Salford (sŏlˈfərd, sôlˈ–), city and metropolitan borough (1991 pop. 96,525), NW England, located in the Manchester metropolitan area on the Irwell River. Salford was long an important textile center; many Port of Manchester docks were located in the confines of the city. Some of the former docklands are now the site of the Lowry Center, a huge complex of galleries, theaters, and other facilities. The city also has an unusual number of parks and recreation grounds. Predominant industries include chemicals, plastics, and electronic equipment. Made a free town in 1230, Salford also included the town of Manchester in the Middle Ages. The Univ. of Salford specializes in science and technology.
The Columbia Electronic Encyclopedia™ Copyright © 2022, Columbia University Press. Licensed from Columbia University Press. All rights reserved.
The following article is from The Great Soviet Encyclopedia (1979). It might be outdated or ideologically biased.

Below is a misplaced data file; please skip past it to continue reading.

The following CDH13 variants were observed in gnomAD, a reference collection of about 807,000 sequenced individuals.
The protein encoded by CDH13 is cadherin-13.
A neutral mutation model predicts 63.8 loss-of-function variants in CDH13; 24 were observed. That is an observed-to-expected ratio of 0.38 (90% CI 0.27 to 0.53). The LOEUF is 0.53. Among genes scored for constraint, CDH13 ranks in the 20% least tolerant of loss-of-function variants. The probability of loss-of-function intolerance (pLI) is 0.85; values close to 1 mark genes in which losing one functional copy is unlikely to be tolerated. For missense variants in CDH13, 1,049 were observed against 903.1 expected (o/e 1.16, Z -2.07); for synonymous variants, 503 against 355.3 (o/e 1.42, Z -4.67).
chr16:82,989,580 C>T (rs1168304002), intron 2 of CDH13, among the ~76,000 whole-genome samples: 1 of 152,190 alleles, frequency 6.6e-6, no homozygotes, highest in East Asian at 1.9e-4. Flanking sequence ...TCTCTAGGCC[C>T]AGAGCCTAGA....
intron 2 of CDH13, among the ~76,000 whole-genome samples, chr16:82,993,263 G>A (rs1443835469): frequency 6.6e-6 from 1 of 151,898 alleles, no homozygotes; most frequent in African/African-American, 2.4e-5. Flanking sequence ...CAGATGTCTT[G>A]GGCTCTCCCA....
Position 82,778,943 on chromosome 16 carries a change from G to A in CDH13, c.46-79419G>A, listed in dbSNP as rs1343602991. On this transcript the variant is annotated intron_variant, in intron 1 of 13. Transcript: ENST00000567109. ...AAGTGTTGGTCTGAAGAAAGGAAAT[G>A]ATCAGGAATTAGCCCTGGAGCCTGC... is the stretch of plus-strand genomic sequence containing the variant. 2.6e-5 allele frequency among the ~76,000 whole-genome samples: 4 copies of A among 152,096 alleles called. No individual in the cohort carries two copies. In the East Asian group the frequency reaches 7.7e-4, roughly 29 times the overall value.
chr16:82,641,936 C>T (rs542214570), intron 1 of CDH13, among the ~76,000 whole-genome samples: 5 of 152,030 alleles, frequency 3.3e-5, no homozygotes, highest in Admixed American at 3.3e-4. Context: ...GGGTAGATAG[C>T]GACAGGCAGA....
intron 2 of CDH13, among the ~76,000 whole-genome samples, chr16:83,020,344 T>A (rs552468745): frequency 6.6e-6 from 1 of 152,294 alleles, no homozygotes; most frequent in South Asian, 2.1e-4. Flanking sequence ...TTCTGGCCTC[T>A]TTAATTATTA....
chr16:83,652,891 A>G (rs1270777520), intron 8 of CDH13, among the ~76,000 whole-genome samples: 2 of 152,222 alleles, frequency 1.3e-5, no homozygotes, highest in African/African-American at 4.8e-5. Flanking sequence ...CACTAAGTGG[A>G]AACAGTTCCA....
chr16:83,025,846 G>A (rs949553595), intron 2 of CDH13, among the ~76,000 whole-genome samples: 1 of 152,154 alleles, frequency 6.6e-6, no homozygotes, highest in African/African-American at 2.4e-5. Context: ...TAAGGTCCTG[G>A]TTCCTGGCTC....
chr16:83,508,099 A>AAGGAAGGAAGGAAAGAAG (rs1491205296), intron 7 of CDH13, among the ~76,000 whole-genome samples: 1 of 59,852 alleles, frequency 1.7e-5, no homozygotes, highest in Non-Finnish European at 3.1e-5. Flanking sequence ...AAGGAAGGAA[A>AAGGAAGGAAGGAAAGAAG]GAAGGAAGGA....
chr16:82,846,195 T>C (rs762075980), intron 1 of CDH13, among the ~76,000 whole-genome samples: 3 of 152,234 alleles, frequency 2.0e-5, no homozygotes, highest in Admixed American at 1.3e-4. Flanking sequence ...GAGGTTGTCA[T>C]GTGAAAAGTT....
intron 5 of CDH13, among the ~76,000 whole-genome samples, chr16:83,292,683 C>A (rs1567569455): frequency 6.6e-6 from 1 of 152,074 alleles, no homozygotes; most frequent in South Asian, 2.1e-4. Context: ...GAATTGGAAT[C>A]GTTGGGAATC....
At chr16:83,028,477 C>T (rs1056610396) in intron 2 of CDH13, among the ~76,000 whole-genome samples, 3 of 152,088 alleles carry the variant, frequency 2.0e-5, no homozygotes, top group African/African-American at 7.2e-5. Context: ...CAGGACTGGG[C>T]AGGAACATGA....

a city in Great Britain, in the county of Greater Manchester. Population, 125,300 (1973). The main docks of the port of Manchester along the Manchester Ship Canal are in Salford. Salford has enterprises for the production of machinery, including industrial looms and electrical-engineering equipment. Other enterprises produce clothing, chemicals, and foodstuffs, including beer. Printing is also important.
The Great Soviet Encyclopedia, 3rd Edition (1970-1979). © 2010 The Gale Group, Inc. All rights reserved.
1. a city in NW England in Salford unitary authority, Greater Manchester, on the Manchester Ship Canal: a major centre of the cotton industry in the 19th century; extensive dock area, now redeveloped, includes the Lowry arts centre; university (1967). Pop.: 72 750 (2001)
2. a unitary authority in NW England, in Greater Manchester. Pop.: 216 500 (2003 est.). Area: 97 sq. km (37 sq. miles)
Collins Discovery Encyclopedia, 1st edition © HarperCollins Publishers 2005